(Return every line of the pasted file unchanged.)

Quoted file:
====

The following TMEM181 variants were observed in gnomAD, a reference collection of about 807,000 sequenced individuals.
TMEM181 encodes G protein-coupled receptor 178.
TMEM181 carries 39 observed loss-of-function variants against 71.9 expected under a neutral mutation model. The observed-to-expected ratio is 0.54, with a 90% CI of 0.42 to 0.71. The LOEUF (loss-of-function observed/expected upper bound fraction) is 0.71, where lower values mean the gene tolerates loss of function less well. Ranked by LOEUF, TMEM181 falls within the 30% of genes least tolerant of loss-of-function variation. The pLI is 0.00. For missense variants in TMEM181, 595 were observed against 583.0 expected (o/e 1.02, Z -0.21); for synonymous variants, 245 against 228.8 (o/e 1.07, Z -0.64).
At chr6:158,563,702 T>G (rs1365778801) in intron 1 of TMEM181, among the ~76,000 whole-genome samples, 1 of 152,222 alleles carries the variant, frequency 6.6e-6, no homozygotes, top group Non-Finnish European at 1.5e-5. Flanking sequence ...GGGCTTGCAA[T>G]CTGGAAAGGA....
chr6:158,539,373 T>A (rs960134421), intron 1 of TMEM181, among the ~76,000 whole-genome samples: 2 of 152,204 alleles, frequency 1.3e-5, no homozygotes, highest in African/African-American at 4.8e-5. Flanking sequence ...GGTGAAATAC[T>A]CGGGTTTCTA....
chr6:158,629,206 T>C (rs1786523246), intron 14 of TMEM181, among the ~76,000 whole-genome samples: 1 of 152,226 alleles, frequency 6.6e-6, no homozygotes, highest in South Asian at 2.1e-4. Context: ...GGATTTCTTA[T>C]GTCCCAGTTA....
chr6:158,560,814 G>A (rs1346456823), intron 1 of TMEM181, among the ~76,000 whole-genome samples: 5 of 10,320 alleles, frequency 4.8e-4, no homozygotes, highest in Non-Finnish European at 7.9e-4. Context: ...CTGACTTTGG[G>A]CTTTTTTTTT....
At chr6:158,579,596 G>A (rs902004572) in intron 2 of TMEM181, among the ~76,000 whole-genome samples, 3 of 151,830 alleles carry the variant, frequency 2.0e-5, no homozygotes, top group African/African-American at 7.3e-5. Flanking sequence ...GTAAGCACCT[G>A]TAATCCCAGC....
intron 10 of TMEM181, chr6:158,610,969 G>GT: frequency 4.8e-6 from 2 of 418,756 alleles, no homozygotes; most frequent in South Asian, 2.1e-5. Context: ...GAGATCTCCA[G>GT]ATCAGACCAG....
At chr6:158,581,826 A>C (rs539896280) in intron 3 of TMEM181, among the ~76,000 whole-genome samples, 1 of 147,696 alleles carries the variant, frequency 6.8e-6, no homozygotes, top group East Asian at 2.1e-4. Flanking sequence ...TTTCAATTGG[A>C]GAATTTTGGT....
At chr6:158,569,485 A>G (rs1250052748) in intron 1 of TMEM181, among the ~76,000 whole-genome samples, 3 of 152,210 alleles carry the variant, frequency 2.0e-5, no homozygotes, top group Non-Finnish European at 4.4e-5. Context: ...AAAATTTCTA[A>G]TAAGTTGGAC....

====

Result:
The following TMEM181 variants were observed in gnomAD, a reference collection of about 807,000 sequenced individuals.
TMEM181 encodes G protein-coupled receptor 178.
TMEM181 carries 39 observed loss-of-function variants against 71.9 expected under a neutral mutation model. The observed-to-expected ratio is 0.54, with a 90% CI of 0.42 to 0.71. The LOEUF (loss-of-function observed/expected upper bound fraction) is 0.71, where lower values mean the gene tolerates loss of function less well. Ranked by LOEUF, TMEM181 falls within the 30% of genes least tolerant of loss-of-function variation. The pLI is 0.00. For missense variants in TMEM181, 595 were observed against 583.0 expected (o/e 1.02, Z -0.21); for synonymous variants, 245 against 228.8 (o/e 1.07, Z -0.64).
At chr6:158,563,702 T>G (rs1365778801) in intron 1 of TMEM181, among the ~76,000 whole-genome samples, 1 of 152,222 alleles carries the variant, frequency 6.6e-6, no homozygotes, top group Non-Finnish European at 1.5e-5. Flanking sequence ...GGGCTTGCAA[T>G]CTGGAAAGGA....
chr6:158,539,373 T>A (rs960134421), intron 1 of TMEM181, among the ~76,000 whole-genome samples: 2 of 152,204 alleles, frequency 1.3e-5, no homozygotes, highest in African/African-American at 4.8e-5. Flanking sequence ...GGTGAAATAC[T>A]CGGGTTTCTA....
chr6:158,629,206 T>C (rs1786523246), intron 14 of TMEM181, among the ~76,000 whole-genome samples: 1 of 152,226 alleles, frequency 6.6e-6, no homozygotes, highest in South Asian at 2.1e-4. Context: ...GGATTTCTTA[T>C]GTCCCAGTTA....
chr6:158,560,814 G>A (rs1346456823), intron 1 of TMEM181, among the ~76,000 whole-genome samples: 5 of 10,320 alleles, frequency 4.8e-4, no homozygotes, highest in Non-Finnish European at 7.9e-4. Context: ...CTGACTTTGG[G>A]CTTTTTTTTT....
At chr6:158,579,596 G>A (rs902004572) in intron 2 of TMEM181, among the ~76,000 whole-genome samples, 3 of 151,830 alleles carry the variant, frequency 2.0e-5, no homozygotes, top group African/African-American at 7.3e-5. Flanking sequence ...GTAAGCACCT[G>A]TAATCCCAGC....
intron 10 of TMEM181, chr6:158,610,969 G>GT: frequency 4.8e-6 from 2 of 418,756 alleles, no homozygotes; most frequent in South Asian, 2.1e-5. Context: ...GAGATCTCCA[G>GT]ATCAGACCAG....
At chr6:158,581,826 A>C (rs539896280) in intron 3 of TMEM181, among the ~76,000 whole-genome samples, 1 of 147,696 alleles carries the variant, frequency 6.8e-6, no homozygotes, top group East Asian at 2.1e-4. Flanking sequence ...TTTCAATTGG[A>C]GAATTTTGGT....
At chr6:158,569,485 A>G (rs1250052748) in intron 1 of TMEM181, among the ~76,000 whole-genome samples, 3 of 152,210 alleles carry the variant, frequency 2.0e-5, no homozygotes, top group Non-Finnish European at 4.4e-5. Context: ...AAAATTTCTA[A>G]TAAGTTGGAC....